Manasarovara Ghat
Mangala Gauri Ghat
Manikarnika Ghat
Mata Anandamai Ghat
Meer Ghat
Mehta Ghat
Munshi Ghat
Nandesavara Ghat
Narada Ghat
Naya Ghat
Naya Ghat
Nepali Ghat
Niranjani Ghat
Nishad Ghat
Old Hanumanana Ghat
Pancaganga Ghat
Pandey Ghat
Phuta Ghat
Prabhu Ghat
Prahalada Ghat
Prayaga Ghat
Raj Ghat
Raja Gwalior Ghat
Rajendra Prasad Ghat
Ram Ghat
Rana Mahala Ghat
Rewan Ghat
Sakka Ghat
Sankatha Ghat
Sarvesvara Ghat
Scindia Ghat
Shitala Ghat
Shivala Ghat
Sitala Ghat
Somesvara Ghat
Telianala Ghat
Trilochana Ghat
Tripura Bhairavi Ghat
Tulsi Ghat
Vaccharaja Ghat
Venimadhava Ghat
Vijayanagaram Ghat

How to reach Varanasi Ghats

If you’ve chosen to stay in Varanasi’s Old City, you’ll find yourself conveniently close to several ghats. While a leisurely walk along the ghats is an experience in itself, the best way to witness their beauty is from the waters of the Ganges. If you aim to explore multiple Varanasi ghats in a day, consider booking a Savaari car service for seamless city navigation. Start your day with a mesmerizing sunrise boat ride, and let your chauffeur await your return.

For those travelling from Delhi, consider using the Savaari service for a comfortable journey to Varanasi. The drive from Delhi to Varanasi spans approximately 863 km and usually takes around 13 hours. The journey offers smooth roads and the chance to pass through notable towns like Agra, Bhind, Kanpur, and Prayagnagar en route.

Travel Tips for Exploring Varanasi Ghats

Varanasi Ghats

Varanasi Ghats, with their rich tapestry of history, culture, and spirituality, offer a unique experience for every traveller. As you embark on this journey of exploration, it’s essential to tread with respect and awareness. While Varanasi ghats are a treasure trove of stories and rituals, there are certain etiquettes and considerations to keep in mind.

  • Respect Religious Ceremonies: Varanasi is a hub of spiritual activities that occur throughout the day. While it’s tempting to get close, it’s best to observe from a distance and avoid causing any disturbances. Always seek permission before capturing these moments on camera.
  • Cremation Ceremonies: These rites, though conducted in public, are deeply personal. Refrain from photographing or recording these ceremonies.
  • Interacting with Sadhus: The ghats are home to many ascetics. While some may decline to be photographed, others might oblige in exchange for a fee. Always approach with respect and be prepared for varied reactions. If a sadhu declines, respect their wishes.
  • Footwear Considerations: If you’re planning to stroll along the ghats, ensure you wear appropriate footwear for comfort and safety.
  • Amenities: For convenience, there are restrooms and eateries available along the ghats.
  • Beware of Imposters: You might encounter individuals posing as pandits, eager to share tales and then expect compensation. It’s advisable to maintain a distance and, if you’re keen on a guided experience, arrange for one through your accommodation.
  • Approach with an Open Mind: Varanasi holds profound religious significance for many. While certain practices might be unfamiliar or even overwhelming, approach them with an open heart and mind. If something isn’t to your liking, it’s best to move away gracefully without causing a scene.
  • Keep a Travel Guide Handy: Varanasi offers more than just its iconic ghats. The city brims with diverse experiences, from its ancient temples to delectable street food and beyond. Dive deeper into all that Varanasi has to offer in this comprehensive travel guide.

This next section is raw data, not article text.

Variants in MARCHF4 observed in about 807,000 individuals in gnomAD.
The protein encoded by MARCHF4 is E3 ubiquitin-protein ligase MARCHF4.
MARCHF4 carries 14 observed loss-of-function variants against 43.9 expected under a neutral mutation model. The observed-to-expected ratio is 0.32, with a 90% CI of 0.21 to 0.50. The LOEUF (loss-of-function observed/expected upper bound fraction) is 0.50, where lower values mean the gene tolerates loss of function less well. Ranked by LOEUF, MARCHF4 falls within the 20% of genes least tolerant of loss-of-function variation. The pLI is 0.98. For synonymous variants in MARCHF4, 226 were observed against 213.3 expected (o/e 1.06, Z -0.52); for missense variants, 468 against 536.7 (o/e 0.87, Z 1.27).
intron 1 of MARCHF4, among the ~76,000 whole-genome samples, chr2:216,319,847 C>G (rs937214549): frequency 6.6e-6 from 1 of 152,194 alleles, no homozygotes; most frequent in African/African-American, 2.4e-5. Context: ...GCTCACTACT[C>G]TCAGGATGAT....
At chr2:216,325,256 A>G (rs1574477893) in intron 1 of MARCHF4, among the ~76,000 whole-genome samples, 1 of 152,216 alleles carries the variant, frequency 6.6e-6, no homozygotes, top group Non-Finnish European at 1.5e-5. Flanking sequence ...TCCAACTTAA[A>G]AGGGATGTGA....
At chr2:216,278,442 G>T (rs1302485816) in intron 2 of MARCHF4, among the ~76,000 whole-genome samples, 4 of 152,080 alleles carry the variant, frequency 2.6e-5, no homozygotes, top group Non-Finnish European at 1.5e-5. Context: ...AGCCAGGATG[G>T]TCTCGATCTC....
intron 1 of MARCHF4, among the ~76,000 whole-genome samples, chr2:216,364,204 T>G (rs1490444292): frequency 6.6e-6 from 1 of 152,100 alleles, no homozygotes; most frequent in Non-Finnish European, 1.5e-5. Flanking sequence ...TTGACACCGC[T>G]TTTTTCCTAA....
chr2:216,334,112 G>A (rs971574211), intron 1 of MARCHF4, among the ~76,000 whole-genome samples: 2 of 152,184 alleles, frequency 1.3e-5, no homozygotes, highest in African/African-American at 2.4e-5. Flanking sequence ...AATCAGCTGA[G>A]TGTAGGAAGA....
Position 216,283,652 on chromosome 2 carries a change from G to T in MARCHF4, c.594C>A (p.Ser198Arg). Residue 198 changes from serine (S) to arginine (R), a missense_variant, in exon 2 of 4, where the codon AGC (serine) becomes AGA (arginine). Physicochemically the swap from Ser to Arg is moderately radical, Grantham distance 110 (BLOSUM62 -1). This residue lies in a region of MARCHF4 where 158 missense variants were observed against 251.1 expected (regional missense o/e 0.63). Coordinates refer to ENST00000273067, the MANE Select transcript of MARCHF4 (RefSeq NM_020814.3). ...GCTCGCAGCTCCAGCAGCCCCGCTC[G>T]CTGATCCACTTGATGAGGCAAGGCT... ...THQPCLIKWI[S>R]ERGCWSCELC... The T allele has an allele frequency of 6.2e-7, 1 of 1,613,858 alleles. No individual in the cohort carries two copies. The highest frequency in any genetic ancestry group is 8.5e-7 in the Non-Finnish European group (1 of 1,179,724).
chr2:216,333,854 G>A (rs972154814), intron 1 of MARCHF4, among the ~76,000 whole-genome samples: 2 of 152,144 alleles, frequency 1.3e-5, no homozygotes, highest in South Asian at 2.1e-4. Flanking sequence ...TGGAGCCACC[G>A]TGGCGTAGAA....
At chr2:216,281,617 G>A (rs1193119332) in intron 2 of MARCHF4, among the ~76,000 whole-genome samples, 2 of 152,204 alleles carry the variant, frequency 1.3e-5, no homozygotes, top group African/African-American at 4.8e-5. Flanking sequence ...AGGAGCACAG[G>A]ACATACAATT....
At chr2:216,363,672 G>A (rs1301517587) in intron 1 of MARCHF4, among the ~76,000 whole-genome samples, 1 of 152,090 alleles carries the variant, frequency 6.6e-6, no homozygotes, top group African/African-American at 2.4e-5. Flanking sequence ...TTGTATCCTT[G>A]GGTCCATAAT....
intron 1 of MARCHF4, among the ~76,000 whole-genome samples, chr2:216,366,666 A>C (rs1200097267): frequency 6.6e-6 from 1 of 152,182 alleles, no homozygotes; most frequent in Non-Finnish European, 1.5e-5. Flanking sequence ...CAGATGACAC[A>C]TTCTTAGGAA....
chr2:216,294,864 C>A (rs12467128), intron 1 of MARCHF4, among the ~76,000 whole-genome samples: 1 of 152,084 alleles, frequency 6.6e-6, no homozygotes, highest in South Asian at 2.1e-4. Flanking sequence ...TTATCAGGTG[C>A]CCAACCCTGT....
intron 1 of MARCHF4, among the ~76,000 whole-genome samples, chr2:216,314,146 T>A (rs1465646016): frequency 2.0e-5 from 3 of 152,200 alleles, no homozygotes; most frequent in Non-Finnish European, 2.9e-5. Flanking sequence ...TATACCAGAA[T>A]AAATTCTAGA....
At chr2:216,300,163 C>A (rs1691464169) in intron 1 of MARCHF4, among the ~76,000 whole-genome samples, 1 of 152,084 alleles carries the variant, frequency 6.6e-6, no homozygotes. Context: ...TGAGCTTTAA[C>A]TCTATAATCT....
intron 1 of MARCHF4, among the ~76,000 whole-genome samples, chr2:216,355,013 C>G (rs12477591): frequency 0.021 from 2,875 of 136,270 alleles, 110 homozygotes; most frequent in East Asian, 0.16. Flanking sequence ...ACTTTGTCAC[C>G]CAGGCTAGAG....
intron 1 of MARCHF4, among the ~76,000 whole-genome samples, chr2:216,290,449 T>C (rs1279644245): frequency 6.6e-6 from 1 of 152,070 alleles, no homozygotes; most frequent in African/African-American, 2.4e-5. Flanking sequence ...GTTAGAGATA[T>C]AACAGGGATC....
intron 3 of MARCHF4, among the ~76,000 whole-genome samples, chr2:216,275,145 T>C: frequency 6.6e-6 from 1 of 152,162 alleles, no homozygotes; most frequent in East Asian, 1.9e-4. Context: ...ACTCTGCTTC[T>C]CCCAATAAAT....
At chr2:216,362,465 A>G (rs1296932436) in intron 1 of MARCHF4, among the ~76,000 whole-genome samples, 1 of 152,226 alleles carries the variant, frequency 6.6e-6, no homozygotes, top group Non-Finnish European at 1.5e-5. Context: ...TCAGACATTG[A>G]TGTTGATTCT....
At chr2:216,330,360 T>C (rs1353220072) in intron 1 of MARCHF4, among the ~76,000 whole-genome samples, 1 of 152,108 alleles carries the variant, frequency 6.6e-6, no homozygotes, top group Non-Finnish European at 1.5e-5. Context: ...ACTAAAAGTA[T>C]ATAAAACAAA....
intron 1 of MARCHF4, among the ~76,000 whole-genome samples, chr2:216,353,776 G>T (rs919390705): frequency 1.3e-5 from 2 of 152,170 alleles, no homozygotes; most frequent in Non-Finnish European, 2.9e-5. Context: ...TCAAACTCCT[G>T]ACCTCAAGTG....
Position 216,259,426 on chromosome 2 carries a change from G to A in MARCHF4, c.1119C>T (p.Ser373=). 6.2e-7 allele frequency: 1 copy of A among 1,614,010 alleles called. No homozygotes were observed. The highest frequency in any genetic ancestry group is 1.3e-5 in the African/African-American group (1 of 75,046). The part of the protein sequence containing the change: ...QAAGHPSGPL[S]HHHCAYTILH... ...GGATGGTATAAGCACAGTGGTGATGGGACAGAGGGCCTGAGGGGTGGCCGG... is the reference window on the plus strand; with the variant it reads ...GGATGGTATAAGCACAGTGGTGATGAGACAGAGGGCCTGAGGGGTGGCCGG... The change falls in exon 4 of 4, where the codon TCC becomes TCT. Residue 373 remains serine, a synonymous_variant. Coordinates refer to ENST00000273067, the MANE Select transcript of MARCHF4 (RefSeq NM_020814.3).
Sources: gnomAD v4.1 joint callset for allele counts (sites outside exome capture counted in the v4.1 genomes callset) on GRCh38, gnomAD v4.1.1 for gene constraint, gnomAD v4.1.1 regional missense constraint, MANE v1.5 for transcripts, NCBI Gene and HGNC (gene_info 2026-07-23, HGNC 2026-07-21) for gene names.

Why Choose Savaari for Your Varanasi Ghats Exploration?

Navigating the intricate lanes leading to the ghats of Varanasi can be both overwhelming and exhausting, especially if you’re keen on immersing yourself in the essence of more than one ghat. The myriad of transport options available might seem confusing, with many charging exorbitant rates without guaranteeing a satisfactory experience. This is where Savaari steps in as your trusted travel companion. 

Whether you’re a solo traveller or journeying with family, the importance of dependable transportation cannot be overstated. Savaari not only ensures transparent pricing but also promises a journey in a comfortable cab tailored to your preference. But the Savaari experience doesn’t end with just a ride. Our seasoned drivers, with their rich local knowledge, double up as your informal guides. They can introduce you to hidden gems, suggest the most authentic street food, or even recommend lesser-known activities that capture the spirit of Varanasi.

To embark on this unparalleled journey, simply download the Savaari app. As you traverse the spiritual heart of India, let Savaari be the chariot that carries you through, ensuring a seamless, memorable, and authentic Varanasi experience. After all, travel is as much about the journey as it is about the destination.

Last Updated on September 6, 2023 by Shabari Shankar

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Stairways to spirituality - Varanasi ghats where life and death dance
Article Name
Stairways to spirituality - Varanasi ghats where life and death dance
Discover Varanasi ghats, a journey through spirituality, history, and the timeless dance of life and death along the Ganges.
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About the author

Shabari, a modern-day wanderer, seeks out the hidden stories within the world's serene landscapes and vibrant cultures. She views each person as a living, breathing tale, a unique signature in the grand narrative of existence. With an insatiable curiosity for local customs and traditions, Shabari explores the rich drapery of humanity wherever her journey leads. Her passion is to unravel the secrets of tranquil temples, scale majestic mountains, and share the ancient wisdom they hold. Join Shabari on her quest for solace amidst the world's quiet corners and let her writing transport you to the heart of these captivating adventures.